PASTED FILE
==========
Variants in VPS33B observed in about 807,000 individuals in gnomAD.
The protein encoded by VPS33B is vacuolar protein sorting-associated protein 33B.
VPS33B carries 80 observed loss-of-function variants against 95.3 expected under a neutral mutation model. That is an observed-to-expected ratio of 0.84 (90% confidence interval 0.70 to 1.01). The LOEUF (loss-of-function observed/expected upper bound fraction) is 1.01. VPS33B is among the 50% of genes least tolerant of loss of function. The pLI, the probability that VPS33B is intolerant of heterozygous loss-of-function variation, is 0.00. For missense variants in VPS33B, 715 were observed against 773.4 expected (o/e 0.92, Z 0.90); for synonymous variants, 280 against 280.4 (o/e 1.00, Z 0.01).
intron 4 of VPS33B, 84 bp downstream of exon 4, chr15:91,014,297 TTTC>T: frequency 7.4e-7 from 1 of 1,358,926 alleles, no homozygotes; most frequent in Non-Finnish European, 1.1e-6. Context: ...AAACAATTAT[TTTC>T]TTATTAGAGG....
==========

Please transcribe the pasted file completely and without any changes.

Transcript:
Variants in VPS33B observed in about 807,000 individuals in gnomAD.
The protein encoded by VPS33B is vacuolar protein sorting-associated protein 33B.
VPS33B carries 80 observed loss-of-function variants against 95.3 expected under a neutral mutation model. That is an observed-to-expected ratio of 0.84 (90% confidence interval 0.70 to 1.01). The LOEUF (loss-of-function observed/expected upper bound fraction) is 1.01. VPS33B is among the 50% of genes least tolerant of loss of function. The pLI, the probability that VPS33B is intolerant of heterozygous loss-of-function variation, is 0.00. For missense variants in VPS33B, 715 were observed against 773.4 expected (o/e 0.92, Z 0.90); for synonymous variants, 280 against 280.4 (o/e 1.00, Z 0.01).
intron 4 of VPS33B, 84 bp downstream of exon 4, chr15:91,014,297 TTTC>T: frequency 7.4e-7 from 1 of 1,358,926 alleles, no homozygotes; most frequent in Non-Finnish European, 1.1e-6. Context: ...AAACAATTAT[TTTC>T]TTATTAGAGG....